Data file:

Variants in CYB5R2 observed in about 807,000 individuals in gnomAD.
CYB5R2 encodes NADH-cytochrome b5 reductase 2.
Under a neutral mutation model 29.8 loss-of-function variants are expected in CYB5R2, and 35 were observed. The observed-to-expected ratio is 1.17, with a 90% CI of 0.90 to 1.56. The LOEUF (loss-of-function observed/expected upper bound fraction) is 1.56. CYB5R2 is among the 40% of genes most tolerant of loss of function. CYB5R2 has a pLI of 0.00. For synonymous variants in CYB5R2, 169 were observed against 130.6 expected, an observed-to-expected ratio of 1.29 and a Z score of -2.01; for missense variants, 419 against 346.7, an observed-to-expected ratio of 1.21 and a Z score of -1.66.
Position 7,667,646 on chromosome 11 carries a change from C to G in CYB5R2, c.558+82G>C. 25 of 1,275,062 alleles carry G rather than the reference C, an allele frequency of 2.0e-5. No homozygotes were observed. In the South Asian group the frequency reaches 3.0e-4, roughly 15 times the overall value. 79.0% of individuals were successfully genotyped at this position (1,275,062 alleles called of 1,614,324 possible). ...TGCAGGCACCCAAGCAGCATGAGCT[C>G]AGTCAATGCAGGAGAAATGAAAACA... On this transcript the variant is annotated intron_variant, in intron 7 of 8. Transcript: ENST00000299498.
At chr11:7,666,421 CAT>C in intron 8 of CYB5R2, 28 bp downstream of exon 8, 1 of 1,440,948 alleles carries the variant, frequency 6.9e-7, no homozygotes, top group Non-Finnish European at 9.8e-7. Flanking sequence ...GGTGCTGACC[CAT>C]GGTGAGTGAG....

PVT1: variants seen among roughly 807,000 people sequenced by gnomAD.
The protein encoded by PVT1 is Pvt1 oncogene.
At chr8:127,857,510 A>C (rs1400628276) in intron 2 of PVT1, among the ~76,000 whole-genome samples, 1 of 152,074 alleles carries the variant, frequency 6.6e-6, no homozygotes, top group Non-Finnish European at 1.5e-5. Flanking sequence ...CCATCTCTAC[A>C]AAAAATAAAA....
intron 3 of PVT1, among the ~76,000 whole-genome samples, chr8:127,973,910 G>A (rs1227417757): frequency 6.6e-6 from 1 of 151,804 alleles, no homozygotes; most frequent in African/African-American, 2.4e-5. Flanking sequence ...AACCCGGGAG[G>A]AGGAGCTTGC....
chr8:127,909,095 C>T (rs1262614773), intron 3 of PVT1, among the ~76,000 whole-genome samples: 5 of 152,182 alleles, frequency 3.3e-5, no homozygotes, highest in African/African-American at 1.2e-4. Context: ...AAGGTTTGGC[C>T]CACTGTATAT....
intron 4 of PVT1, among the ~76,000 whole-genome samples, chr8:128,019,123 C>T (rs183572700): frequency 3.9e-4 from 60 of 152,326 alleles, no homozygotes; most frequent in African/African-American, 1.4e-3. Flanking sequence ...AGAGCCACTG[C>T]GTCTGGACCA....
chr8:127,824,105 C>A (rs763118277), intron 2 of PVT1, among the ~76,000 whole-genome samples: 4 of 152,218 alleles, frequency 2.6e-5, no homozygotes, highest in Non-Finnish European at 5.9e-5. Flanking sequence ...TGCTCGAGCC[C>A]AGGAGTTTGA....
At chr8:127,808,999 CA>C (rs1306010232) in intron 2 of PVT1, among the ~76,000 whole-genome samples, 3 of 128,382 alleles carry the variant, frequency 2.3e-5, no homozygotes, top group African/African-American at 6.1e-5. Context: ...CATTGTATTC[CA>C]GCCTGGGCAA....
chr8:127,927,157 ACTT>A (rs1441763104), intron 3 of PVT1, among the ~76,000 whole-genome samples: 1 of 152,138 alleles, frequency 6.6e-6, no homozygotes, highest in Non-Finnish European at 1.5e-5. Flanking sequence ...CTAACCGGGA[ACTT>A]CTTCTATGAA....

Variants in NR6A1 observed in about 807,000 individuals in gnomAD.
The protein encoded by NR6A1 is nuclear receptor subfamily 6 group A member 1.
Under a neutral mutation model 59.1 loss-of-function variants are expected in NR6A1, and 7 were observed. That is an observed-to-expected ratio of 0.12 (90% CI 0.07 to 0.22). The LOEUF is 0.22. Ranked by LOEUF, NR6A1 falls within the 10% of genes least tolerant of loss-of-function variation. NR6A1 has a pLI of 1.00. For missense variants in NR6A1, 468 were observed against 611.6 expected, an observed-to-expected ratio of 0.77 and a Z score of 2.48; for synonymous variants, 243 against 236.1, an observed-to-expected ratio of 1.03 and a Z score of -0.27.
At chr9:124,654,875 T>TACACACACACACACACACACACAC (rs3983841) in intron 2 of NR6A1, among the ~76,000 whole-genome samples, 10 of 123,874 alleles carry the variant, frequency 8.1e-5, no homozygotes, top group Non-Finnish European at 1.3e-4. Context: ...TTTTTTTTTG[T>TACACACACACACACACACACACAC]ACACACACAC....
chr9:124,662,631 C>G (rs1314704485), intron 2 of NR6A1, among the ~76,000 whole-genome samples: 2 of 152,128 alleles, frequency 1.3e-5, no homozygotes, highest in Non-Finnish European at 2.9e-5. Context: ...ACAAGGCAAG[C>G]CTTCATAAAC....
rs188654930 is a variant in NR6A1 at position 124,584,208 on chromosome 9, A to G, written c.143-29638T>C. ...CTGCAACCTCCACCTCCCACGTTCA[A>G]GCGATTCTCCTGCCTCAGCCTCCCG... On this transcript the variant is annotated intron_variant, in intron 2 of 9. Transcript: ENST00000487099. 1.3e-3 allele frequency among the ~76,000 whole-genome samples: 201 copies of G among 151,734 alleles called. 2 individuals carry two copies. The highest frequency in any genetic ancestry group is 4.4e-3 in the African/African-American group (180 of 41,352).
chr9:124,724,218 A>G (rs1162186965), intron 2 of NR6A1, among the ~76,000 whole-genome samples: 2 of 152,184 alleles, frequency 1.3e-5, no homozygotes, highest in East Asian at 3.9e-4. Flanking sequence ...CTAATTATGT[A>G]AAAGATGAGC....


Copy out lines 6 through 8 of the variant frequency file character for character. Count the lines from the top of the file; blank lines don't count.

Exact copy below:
PVT1: variants seen among roughly 807,000 people sequenced by gnomAD.
The protein encoded by PVT1 is Pvt1 oncogene.
At chr8:127,857,510 A>C (rs1400628276) in intron 2 of PVT1, among the ~76,000 whole-genome samples, 1 of 152,074 alleles carries the variant, frequency 6.6e-6, no homozygotes, top group Non-Finnish European at 1.5e-5. Flanking sequence ...CCATCTCTAC[A>C]AAAAATAAAA....